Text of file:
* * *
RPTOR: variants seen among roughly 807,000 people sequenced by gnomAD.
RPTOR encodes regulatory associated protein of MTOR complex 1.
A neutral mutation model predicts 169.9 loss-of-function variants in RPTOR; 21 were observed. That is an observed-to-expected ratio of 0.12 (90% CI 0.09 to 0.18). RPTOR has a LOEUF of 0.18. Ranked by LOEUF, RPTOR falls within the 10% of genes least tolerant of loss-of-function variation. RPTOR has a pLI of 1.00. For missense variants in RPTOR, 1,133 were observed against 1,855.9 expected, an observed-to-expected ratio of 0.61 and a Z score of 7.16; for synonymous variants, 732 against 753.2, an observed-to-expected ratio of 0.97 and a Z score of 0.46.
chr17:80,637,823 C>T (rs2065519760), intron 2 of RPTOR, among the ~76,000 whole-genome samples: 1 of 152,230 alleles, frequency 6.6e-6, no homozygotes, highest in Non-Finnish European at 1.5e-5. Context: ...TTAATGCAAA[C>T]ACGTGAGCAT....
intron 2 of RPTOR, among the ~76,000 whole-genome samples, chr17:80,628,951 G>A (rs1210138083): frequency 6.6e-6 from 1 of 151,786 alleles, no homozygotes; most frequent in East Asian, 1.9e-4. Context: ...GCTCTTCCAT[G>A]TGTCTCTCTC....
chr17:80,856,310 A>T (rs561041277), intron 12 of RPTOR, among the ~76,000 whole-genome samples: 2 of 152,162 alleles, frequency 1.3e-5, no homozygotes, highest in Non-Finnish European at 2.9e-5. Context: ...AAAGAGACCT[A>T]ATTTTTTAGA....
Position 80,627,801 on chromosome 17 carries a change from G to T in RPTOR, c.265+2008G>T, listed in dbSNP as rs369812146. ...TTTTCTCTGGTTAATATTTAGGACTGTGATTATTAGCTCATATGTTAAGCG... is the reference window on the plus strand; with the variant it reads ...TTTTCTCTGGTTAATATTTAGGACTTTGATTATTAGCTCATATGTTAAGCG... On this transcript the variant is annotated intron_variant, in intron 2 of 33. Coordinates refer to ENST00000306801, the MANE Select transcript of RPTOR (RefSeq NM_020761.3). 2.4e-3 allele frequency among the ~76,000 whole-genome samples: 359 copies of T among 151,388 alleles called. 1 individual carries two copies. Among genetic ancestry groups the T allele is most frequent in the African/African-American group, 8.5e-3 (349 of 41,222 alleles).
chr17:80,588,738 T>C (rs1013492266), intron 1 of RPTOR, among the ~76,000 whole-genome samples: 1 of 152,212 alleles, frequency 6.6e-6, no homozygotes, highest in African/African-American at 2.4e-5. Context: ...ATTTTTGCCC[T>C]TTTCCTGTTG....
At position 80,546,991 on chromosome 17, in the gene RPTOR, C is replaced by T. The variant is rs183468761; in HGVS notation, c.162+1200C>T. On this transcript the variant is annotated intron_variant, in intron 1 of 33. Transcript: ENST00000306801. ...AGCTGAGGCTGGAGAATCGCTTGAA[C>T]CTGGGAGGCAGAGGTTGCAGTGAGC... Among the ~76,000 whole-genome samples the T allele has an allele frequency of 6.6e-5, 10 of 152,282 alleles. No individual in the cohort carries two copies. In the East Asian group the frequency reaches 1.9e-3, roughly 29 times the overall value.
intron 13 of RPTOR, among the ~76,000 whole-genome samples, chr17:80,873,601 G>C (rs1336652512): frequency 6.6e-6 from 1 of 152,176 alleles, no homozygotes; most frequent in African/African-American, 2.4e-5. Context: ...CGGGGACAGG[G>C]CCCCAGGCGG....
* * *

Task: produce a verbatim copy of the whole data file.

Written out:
RPTOR: variants seen among roughly 807,000 people sequenced by gnomAD.
RPTOR encodes regulatory associated protein of MTOR complex 1.
A neutral mutation model predicts 169.9 loss-of-function variants in RPTOR; 21 were observed. That is an observed-to-expected ratio of 0.12 (90% CI 0.09 to 0.18). RPTOR has a LOEUF of 0.18. Ranked by LOEUF, RPTOR falls within the 10% of genes least tolerant of loss-of-function variation. RPTOR has a pLI of 1.00. For missense variants in RPTOR, 1,133 were observed against 1,855.9 expected, an observed-to-expected ratio of 0.61 and a Z score of 7.16; for synonymous variants, 732 against 753.2, an observed-to-expected ratio of 0.97 and a Z score of 0.46.
chr17:80,637,823 C>T (rs2065519760), intron 2 of RPTOR, among the ~76,000 whole-genome samples: 1 of 152,230 alleles, frequency 6.6e-6, no homozygotes, highest in Non-Finnish European at 1.5e-5. Context: ...TTAATGCAAA[C>T]ACGTGAGCAT....
intron 2 of RPTOR, among the ~76,000 whole-genome samples, chr17:80,628,951 G>A (rs1210138083): frequency 6.6e-6 from 1 of 151,786 alleles, no homozygotes; most frequent in East Asian, 1.9e-4. Context: ...GCTCTTCCAT[G>A]TGTCTCTCTC....
chr17:80,856,310 A>T (rs561041277), intron 12 of RPTOR, among the ~76,000 whole-genome samples: 2 of 152,162 alleles, frequency 1.3e-5, no homozygotes, highest in Non-Finnish European at 2.9e-5. Context: ...AAAGAGACCT[A>T]ATTTTTTAGA....
Position 80,627,801 on chromosome 17 carries a change from G to T in RPTOR, c.265+2008G>T, listed in dbSNP as rs369812146. ...TTTTCTCTGGTTAATATTTAGGACTGTGATTATTAGCTCATATGTTAAGCG... is the reference window on the plus strand; with the variant it reads ...TTTTCTCTGGTTAATATTTAGGACTTTGATTATTAGCTCATATGTTAAGCG... On this transcript the variant is annotated intron_variant, in intron 2 of 33. Coordinates refer to ENST00000306801, the MANE Select transcript of RPTOR (RefSeq NM_020761.3). 2.4e-3 allele frequency among the ~76,000 whole-genome samples: 359 copies of T among 151,388 alleles called. 1 individual carries two copies. Among genetic ancestry groups the T allele is most frequent in the African/African-American group, 8.5e-3 (349 of 41,222 alleles).
chr17:80,588,738 T>C (rs1013492266), intron 1 of RPTOR, among the ~76,000 whole-genome samples: 1 of 152,212 alleles, frequency 6.6e-6, no homozygotes, highest in African/African-American at 2.4e-5. Context: ...ATTTTTGCCC[T>C]TTTCCTGTTG....
At position 80,546,991 on chromosome 17, in the gene RPTOR, C is replaced by T. The variant is rs183468761; in HGVS notation, c.162+1200C>T. On this transcript the variant is annotated intron_variant, in intron 1 of 33. Transcript: ENST00000306801. ...AGCTGAGGCTGGAGAATCGCTTGAA[C>T]CTGGGAGGCAGAGGTTGCAGTGAGC... Among the ~76,000 whole-genome samples the T allele has an allele frequency of 6.6e-5, 10 of 152,282 alleles. No individual in the cohort carries two copies. In the East Asian group the frequency reaches 1.9e-3, roughly 29 times the overall value.
intron 13 of RPTOR, among the ~76,000 whole-genome samples, chr17:80,873,601 G>C (rs1336652512): frequency 6.6e-6 from 1 of 152,176 alleles, no homozygotes; most frequent in African/African-American, 2.4e-5. Context: ...CGGGGACAGG[G>C]CCCCAGGCGG....